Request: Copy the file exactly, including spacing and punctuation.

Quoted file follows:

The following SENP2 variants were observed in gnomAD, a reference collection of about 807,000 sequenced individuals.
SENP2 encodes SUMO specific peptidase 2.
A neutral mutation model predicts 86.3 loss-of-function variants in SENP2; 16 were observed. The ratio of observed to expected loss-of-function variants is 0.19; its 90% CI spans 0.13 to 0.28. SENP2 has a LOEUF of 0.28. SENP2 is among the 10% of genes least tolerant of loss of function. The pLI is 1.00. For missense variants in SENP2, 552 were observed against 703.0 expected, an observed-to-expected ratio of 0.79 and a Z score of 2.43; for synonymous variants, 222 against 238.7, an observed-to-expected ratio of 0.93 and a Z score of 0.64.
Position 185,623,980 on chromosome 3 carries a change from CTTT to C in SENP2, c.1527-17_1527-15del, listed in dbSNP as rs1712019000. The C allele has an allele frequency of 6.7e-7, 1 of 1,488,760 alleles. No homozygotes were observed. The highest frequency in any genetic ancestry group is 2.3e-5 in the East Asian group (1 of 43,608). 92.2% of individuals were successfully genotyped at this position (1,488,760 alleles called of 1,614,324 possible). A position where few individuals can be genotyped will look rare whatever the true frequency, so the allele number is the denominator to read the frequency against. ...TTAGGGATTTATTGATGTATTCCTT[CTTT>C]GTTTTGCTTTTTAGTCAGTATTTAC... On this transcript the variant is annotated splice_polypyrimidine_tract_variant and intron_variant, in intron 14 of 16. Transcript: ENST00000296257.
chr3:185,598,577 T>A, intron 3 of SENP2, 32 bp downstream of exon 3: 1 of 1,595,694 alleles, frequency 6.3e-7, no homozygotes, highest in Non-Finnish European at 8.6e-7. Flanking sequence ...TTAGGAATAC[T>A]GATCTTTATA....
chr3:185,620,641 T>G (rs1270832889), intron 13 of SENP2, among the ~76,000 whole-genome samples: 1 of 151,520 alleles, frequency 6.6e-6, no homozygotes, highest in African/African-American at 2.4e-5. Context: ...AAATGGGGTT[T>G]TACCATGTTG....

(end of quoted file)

The following SENP2 variants were observed in gnomAD, a reference collection of about 807,000 sequenced individuals.
SENP2 encodes SUMO specific peptidase 2.
A neutral mutation model predicts 86.3 loss-of-function variants in SENP2; 16 were observed. The ratio of observed to expected loss-of-function variants is 0.19; its 90% CI spans 0.13 to 0.28. SENP2 has a LOEUF of 0.28. SENP2 is among the 10% of genes least tolerant of loss of function. The pLI is 1.00. For missense variants in SENP2, 552 were observed against 703.0 expected, an observed-to-expected ratio of 0.79 and a Z score of 2.43; for synonymous variants, 222 against 238.7, an observed-to-expected ratio of 0.93 and a Z score of 0.64.
Position 185,623,980 on chromosome 3 carries a change from CTTT to C in SENP2, c.1527-17_1527-15del, listed in dbSNP as rs1712019000. The C allele has an allele frequency of 6.7e-7, 1 of 1,488,760 alleles. No homozygotes were observed. The highest frequency in any genetic ancestry group is 2.3e-5 in the East Asian group (1 of 43,608). 92.2% of individuals were successfully genotyped at this position (1,488,760 alleles called of 1,614,324 possible). A position where few individuals can be genotyped will look rare whatever the true frequency, so the allele number is the denominator to read the frequency against. ...TTAGGGATTTATTGATGTATTCCTT[CTTT>C]GTTTTGCTTTTTAGTCAGTATTTAC... On this transcript the variant is annotated splice_polypyrimidine_tract_variant and intron_variant, in intron 14 of 16. Transcript: ENST00000296257.
chr3:185,598,577 T>A, intron 3 of SENP2, 32 bp downstream of exon 3: 1 of 1,595,694 alleles, frequency 6.3e-7, no homozygotes, highest in Non-Finnish European at 8.6e-7. Flanking sequence ...TTAGGAATAC[T>A]GATCTTTATA....
chr3:185,620,641 T>G (rs1270832889), intron 13 of SENP2, among the ~76,000 whole-genome samples: 1 of 151,520 alleles, frequency 6.6e-6, no homozygotes, highest in African/African-American at 2.4e-5. Context: ...AAATGGGGTT[T>G]TACCATGTTG....